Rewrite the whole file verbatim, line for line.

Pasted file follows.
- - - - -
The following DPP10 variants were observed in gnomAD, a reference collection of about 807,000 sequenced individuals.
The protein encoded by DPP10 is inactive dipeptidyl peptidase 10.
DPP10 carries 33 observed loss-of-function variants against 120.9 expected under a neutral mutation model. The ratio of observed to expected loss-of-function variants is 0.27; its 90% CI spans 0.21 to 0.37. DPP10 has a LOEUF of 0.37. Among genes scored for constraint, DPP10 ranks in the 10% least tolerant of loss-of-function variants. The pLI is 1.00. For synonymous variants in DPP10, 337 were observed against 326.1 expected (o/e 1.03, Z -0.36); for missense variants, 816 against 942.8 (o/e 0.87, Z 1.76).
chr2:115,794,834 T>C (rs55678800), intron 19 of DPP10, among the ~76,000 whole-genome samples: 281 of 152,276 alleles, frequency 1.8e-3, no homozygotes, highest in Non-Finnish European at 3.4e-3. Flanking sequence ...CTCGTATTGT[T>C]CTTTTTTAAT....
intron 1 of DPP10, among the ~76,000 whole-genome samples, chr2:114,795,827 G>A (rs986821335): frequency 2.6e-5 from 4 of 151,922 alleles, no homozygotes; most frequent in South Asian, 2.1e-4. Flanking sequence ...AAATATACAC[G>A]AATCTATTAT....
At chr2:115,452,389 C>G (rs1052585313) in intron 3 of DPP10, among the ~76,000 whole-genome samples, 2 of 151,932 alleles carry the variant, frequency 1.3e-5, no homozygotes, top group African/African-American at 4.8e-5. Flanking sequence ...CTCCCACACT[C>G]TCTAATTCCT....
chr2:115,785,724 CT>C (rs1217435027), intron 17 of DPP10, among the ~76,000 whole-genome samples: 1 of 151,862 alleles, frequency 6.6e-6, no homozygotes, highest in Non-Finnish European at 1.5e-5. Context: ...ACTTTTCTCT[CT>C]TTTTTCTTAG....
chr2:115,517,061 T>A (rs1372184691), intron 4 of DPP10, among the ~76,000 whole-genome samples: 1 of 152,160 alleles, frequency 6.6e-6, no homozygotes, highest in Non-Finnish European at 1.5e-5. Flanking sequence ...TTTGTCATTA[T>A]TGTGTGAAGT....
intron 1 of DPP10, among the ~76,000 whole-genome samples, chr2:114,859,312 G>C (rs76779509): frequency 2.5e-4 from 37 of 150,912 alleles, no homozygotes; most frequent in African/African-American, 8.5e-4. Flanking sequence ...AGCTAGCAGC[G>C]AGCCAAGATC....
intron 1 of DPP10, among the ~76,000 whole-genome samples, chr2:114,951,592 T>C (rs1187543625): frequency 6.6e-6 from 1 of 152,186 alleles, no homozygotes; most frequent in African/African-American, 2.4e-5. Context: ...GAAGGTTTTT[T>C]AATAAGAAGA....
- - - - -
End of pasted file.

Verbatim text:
The following DPP10 variants were observed in gnomAD, a reference collection of about 807,000 sequenced individuals.
The protein encoded by DPP10 is inactive dipeptidyl peptidase 10.
DPP10 carries 33 observed loss-of-function variants against 120.9 expected under a neutral mutation model. The ratio of observed to expected loss-of-function variants is 0.27; its 90% CI spans 0.21 to 0.37. DPP10 has a LOEUF of 0.37. Among genes scored for constraint, DPP10 ranks in the 10% least tolerant of loss-of-function variants. The pLI is 1.00. For synonymous variants in DPP10, 337 were observed against 326.1 expected (o/e 1.03, Z -0.36); for missense variants, 816 against 942.8 (o/e 0.87, Z 1.76).
chr2:115,794,834 T>C (rs55678800), intron 19 of DPP10, among the ~76,000 whole-genome samples: 281 of 152,276 alleles, frequency 1.8e-3, no homozygotes, highest in Non-Finnish European at 3.4e-3. Flanking sequence ...CTCGTATTGT[T>C]CTTTTTTAAT....
intron 1 of DPP10, among the ~76,000 whole-genome samples, chr2:114,795,827 G>A (rs986821335): frequency 2.6e-5 from 4 of 151,922 alleles, no homozygotes; most frequent in South Asian, 2.1e-4. Flanking sequence ...AAATATACAC[G>A]AATCTATTAT....
At chr2:115,452,389 C>G (rs1052585313) in intron 3 of DPP10, among the ~76,000 whole-genome samples, 2 of 151,932 alleles carry the variant, frequency 1.3e-5, no homozygotes, top group African/African-American at 4.8e-5. Flanking sequence ...CTCCCACACT[C>G]TCTAATTCCT....
chr2:115,785,724 CT>C (rs1217435027), intron 17 of DPP10, among the ~76,000 whole-genome samples: 1 of 151,862 alleles, frequency 6.6e-6, no homozygotes, highest in Non-Finnish European at 1.5e-5. Context: ...ACTTTTCTCT[CT>C]TTTTTCTTAG....
chr2:115,517,061 T>A (rs1372184691), intron 4 of DPP10, among the ~76,000 whole-genome samples: 1 of 152,160 alleles, frequency 6.6e-6, no homozygotes, highest in Non-Finnish European at 1.5e-5. Flanking sequence ...TTTGTCATTA[T>A]TGTGTGAAGT....
intron 1 of DPP10, among the ~76,000 whole-genome samples, chr2:114,859,312 G>C (rs76779509): frequency 2.5e-4 from 37 of 150,912 alleles, no homozygotes; most frequent in African/African-American, 8.5e-4. Flanking sequence ...AGCTAGCAGC[G>C]AGCCAAGATC....
intron 1 of DPP10, among the ~76,000 whole-genome samples, chr2:114,951,592 T>C (rs1187543625): frequency 6.6e-6 from 1 of 152,186 alleles, no homozygotes; most frequent in African/African-American, 2.4e-5. Context: ...GAAGGTTTTT[T>C]AATAAGAAGA....